During the World of Bluegrass events in Raleigh last month, we had an opportunity to sit down with bluegrass super-twins, Charli and Buddy Robertson of Flatt Lonesome, and their manager Andrea Roberts. We chatted about their meteoric rise to bluegrass stardom in the past few years, and how growing up in a bluegrass family helped cement their ideals of becoming performers while they were still young children.
With older sister Kelsi, the Robertsons grew up in north Florida. They all dreamed of one day being on stage, but it seemed like the farthest thing from reality when they started playing together as youngsters. Finding themselves now on top of the bluegrass scene, winning major awards from the IBMA in multiple years, you would expect dedicated musicians in their early twenties to be a bit overwhelmed by it all.
And that’s just what we found talking to the Robertson twins. Humility and wonder were the emotions that might best describe our conversation. Both Buddy and Charli were at pains to share credit for their success as widely as possible. To their parents for supporting them in their music; to the folks at their label, Mountain Home Music; and especially to their manager, Andrea Roberts.
“If it wasn’t for Andrea we never would have gotten anywhere. She taught us everything, starting with how and where to stand on stage,” said Buddy. But long before the Robertsons moved to Nashville, Roberts had become a part of their life.
Andrea’s husband, Danny, mandolinist with The Grascals, had met the family at a festival in Florida while they were still teens, and stayed in communication with them from his home in Murfreesboro, TN. Andrea met them herself when the Roberston family visited the Roberts’ church in Tennessee, their dad being a traveling preacher who brought the kids along to sing. A fast bond was made, and the two families became close.
“We knew them long before there was a Flatt Lonesome,” said Andrea. “Danny always helped them find quality instruments while they were still teens, and we produced a Gospel album for them as Sandy Creek Revival with their parents.”
And she turns the compliment right back to the band, saying that they did the one crucial thing that so few young artists do when offered advice from experienced industry vets… They listened.
Known today primarily as an artist representative and music manager, Andrea had her own career as a bluegrass performer before she came off the road to raise their daughter. Most notably, she worked with all-female group Petticoat Junction, who recorded three albums for Pinecastle in the 1990s, and with Special Consensus in the late ’90s.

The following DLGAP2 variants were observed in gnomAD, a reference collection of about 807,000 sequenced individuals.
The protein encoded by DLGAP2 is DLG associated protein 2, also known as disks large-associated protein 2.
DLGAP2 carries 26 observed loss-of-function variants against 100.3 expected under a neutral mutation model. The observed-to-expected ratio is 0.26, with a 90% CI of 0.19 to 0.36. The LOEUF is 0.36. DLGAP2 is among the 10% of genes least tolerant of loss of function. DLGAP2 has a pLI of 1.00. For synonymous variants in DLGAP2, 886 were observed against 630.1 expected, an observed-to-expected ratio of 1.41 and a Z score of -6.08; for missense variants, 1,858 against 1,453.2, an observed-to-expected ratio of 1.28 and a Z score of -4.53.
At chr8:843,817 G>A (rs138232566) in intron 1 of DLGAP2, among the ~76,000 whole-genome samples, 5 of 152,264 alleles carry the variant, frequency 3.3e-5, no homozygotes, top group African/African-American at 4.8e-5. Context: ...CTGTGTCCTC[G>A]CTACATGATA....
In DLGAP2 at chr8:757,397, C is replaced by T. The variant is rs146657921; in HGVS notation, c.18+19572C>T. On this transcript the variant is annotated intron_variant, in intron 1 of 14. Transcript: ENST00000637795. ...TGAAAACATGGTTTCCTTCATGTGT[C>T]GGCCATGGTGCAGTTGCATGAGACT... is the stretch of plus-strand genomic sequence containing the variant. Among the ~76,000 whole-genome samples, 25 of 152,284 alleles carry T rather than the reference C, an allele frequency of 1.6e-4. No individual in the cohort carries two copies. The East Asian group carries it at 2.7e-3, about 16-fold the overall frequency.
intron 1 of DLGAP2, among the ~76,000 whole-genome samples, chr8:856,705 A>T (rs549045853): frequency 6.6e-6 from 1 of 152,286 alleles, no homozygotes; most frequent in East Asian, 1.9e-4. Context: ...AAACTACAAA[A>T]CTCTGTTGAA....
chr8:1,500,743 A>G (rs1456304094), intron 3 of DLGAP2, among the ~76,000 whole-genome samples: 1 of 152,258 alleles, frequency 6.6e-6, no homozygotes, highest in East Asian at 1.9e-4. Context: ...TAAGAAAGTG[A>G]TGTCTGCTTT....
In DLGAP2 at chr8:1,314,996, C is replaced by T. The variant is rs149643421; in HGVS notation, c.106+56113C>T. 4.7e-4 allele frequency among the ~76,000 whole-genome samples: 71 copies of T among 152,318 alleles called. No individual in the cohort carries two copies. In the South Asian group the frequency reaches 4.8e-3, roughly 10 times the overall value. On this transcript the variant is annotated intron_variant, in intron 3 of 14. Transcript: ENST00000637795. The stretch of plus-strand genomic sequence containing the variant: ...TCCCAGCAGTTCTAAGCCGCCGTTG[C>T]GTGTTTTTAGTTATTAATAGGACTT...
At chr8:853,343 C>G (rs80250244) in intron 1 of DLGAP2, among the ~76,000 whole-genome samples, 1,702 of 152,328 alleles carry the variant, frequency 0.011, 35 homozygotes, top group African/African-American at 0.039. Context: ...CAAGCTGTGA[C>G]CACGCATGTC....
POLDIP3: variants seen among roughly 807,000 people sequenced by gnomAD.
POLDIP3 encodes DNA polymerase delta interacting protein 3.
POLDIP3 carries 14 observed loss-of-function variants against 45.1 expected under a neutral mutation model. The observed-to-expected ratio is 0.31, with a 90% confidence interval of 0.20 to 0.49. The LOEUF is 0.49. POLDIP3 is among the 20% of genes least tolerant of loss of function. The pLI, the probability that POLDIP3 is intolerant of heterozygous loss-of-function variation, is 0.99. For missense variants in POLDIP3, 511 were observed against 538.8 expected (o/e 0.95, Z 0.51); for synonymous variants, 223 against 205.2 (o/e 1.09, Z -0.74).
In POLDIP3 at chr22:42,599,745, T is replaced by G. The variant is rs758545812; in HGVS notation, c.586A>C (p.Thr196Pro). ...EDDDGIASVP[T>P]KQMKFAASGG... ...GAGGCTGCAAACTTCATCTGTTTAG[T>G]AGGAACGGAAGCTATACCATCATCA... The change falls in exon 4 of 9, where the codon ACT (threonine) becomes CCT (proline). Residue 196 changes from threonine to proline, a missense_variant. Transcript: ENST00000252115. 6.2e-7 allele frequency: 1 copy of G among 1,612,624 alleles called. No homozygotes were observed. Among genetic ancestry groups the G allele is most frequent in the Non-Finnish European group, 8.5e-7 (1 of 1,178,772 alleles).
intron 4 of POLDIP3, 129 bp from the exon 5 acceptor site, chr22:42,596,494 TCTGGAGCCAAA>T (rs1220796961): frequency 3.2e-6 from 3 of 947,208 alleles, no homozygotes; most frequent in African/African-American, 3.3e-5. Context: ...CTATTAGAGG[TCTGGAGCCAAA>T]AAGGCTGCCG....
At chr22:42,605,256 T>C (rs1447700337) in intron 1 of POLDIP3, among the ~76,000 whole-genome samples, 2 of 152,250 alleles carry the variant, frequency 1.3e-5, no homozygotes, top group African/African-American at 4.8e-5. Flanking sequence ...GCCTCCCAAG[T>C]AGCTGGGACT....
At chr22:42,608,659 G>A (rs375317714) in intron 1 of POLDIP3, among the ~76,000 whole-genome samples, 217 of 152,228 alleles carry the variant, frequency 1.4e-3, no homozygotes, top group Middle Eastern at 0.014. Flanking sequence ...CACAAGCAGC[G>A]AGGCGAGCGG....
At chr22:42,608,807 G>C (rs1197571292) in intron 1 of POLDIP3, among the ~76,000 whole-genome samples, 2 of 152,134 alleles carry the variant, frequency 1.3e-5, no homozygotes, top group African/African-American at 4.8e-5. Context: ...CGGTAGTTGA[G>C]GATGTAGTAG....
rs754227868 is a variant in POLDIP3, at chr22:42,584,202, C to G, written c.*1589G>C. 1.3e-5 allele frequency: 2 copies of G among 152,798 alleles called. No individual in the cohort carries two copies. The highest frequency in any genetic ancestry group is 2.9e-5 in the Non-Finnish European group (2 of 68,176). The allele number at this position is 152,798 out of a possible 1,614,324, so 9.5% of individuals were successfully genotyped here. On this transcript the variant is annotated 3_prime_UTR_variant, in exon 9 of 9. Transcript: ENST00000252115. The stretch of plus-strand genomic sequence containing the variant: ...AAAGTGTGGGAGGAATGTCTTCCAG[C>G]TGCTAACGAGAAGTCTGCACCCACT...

She described how the reigning IBMA Vocal Group of the Year got started in 2011.
“Flatt Lonesome was created when the kids wanted to go to SPBGMA, and they figured out that the fee for entering the band contest was cheaper than all of them buying tickets. Charli called saying that they needed a name, so we talked about a lot of possible names and came up with Flatt Lonesome to honor Lester and, what’s more bluegrass than lonesome?
They got 3rd place the first time they ever performed on stage, and I booked several shows for them that weekend.”
Charli remembered the early years for the band, after old friend Michael Stockton had found them on YouTube and joined up on reso-guitar. “When we first started, we would figure out each week how much we would have to each put in for gas in order to go out on a gig.” Now they are touring all over the country year-round from headquarters in and around Nashville.
But when the band was launched, the Robertsons were still in Florida. Banjo picker Paul Harrigill had moved down there as well when he and Kelsi got engaged, and the two moved to Nashville when they married in 2012. Paul had actually come to town a bit earlier to attend the Dark Horse Recording school, and lived with the Roberts for a time. When he moved out with Kelsi, Charli moved in, and Buddy moved to Cullman, AL to stay with his grandparents.
Audiences were reacting favorably right away to their sibling harmony, and the touch of Bakersfield they were adding to their grass, but Andrea remembered that stage presence was an early issue. “The girls had never talked on stage – all their shows had been in churches, and their dad always did the talking. They hardly ever got to see professional bands live when they were growing up.”
But Buddy says that they tried to be serious about their career, right from the start. “We always tried to be very conscious of the business side of the music, going to the panels at IBMA, and listening to everything we heard.”
For Charli, it still feels strange and new. “We always dreamed of being on stage but never thought it would happen. Dad bought us instruments when we were really young, I think for Buddy and my 7th birthday. He introduced us to bluegrass when he discovered it, and we listened to Tony Rice and Ricky Skaggs, AKUS and other music that was current back then.”
Buddy summed it up perfectly, saying, “What I like is that we’ve been able to find success doing music I love so much.”
Andrea is keeping them plenty busy, working dates all through the winter, having just played their 14th spot on the Grand Ole Opry since debuting there back in August of 2015. There are bands who’ve been touring for 20 years who can’t say that.
Flatt Lonesome is headed back into the studio later this year to record their 4th project for Mountain Home Music. They’ve come a long way in just five years and, with the oldest member of the band just 26 years of age, there’s a lot this bunch can accomplish before they’re done.